The Supreme Court is allowing Ohio to clean up its voting rolls by removing the names of people who haven't cast ballots in some time.
By a 5-4 vote, the justices rejected arguments that the practice violates a federal law intended to increase the ranks of registered voters. A handful of other states -- including Connecticut -- also use voters' inactivity to trigger a process that could lead to their removal from the voting rolls.
In Ohio, residents who fail to vote for two years will get a notice in the mail. If they don't respond and they also fail to vote in any election for four more years, they are presumed to have moved and are taken off the voter rolls.
Connecticut Secretary of the State Denise Merrill said she was disappointed by the ruling.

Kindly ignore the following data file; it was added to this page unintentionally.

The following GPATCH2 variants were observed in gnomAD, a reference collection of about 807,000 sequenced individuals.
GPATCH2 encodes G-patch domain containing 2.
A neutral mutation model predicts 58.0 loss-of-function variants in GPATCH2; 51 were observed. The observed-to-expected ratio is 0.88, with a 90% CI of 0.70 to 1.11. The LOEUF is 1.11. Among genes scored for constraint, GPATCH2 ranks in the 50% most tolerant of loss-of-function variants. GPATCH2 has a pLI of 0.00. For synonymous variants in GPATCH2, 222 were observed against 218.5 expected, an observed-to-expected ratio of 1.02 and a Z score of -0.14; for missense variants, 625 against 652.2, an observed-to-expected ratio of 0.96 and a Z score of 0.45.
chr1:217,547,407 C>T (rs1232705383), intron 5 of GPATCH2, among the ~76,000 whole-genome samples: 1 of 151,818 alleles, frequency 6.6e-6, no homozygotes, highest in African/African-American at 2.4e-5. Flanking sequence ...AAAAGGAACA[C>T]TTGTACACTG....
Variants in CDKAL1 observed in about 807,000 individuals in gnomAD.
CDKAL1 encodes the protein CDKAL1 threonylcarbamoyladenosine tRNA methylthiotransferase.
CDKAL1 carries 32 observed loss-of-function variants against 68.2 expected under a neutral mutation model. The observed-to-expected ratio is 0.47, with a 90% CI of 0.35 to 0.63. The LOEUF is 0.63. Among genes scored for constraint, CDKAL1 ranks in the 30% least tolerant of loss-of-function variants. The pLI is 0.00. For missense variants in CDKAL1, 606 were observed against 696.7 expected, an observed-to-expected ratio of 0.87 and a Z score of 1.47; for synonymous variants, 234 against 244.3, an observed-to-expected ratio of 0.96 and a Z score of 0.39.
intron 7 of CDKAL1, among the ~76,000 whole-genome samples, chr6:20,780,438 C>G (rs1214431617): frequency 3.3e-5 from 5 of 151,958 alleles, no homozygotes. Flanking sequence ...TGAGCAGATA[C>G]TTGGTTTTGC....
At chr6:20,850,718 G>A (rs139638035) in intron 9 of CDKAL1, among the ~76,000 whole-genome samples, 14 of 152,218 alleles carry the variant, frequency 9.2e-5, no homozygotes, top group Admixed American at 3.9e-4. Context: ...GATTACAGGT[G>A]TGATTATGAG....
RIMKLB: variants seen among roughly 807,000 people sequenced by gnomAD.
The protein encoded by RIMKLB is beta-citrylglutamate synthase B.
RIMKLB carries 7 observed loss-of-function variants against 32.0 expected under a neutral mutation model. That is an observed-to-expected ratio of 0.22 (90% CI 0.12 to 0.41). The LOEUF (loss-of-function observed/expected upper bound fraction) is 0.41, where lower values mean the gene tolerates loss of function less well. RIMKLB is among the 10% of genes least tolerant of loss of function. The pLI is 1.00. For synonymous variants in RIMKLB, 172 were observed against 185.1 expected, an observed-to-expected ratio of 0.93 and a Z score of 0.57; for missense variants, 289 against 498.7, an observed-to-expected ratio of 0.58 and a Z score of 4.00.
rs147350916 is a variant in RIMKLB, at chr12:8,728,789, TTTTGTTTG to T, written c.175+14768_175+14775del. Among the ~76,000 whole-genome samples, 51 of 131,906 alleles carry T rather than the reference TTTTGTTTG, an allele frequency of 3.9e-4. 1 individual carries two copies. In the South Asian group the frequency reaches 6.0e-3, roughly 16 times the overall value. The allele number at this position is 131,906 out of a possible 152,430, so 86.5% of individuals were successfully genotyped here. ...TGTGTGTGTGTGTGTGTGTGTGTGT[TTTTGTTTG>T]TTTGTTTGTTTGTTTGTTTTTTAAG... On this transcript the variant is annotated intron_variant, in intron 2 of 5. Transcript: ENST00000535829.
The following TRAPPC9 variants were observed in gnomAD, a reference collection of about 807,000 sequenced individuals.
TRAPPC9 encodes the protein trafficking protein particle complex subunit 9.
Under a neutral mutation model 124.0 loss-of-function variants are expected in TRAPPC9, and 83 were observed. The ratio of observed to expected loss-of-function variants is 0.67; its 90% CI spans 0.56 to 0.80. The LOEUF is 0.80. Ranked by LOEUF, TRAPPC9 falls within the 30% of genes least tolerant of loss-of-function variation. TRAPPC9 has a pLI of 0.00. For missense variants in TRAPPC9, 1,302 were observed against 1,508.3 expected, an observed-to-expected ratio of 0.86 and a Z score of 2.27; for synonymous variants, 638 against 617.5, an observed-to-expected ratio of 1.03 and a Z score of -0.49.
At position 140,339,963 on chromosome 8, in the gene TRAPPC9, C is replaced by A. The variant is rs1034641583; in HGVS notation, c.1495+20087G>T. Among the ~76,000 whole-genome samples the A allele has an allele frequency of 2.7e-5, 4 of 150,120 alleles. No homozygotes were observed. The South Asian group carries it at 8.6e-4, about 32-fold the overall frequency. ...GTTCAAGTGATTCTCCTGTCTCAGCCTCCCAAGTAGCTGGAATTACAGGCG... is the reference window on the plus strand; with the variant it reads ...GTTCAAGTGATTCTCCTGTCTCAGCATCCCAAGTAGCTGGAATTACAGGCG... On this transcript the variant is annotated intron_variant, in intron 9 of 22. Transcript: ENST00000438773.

"We do a similar thing to Ohio," she said. "It's just that it takes much longer and is much more careful about when you take someone off the voter roll. You still can be taken off eventually."
Merrill said that, in Connecticut, it takes missing two federal election cycles to trigger a notice in the mail. That could mean twice as long as the standard in Ohio.
"The difference in this case is that Ohio was overly zealous, I believe, in kicking people off the voting rolls simply for not having voted in a couple of elections," she said. "We have to be very, very careful before we take people off a voting list. It can prevent them from voting, and that's their right to vote."
And while Ohio voters have to vote at some point over the next four years to stay registered, Merrill's office said the bar is lower in Connecticut. All you have to do is interact in any way with the voting process -- anything from signing a petition for a candidate to get on a ballot to voting on a local referendum.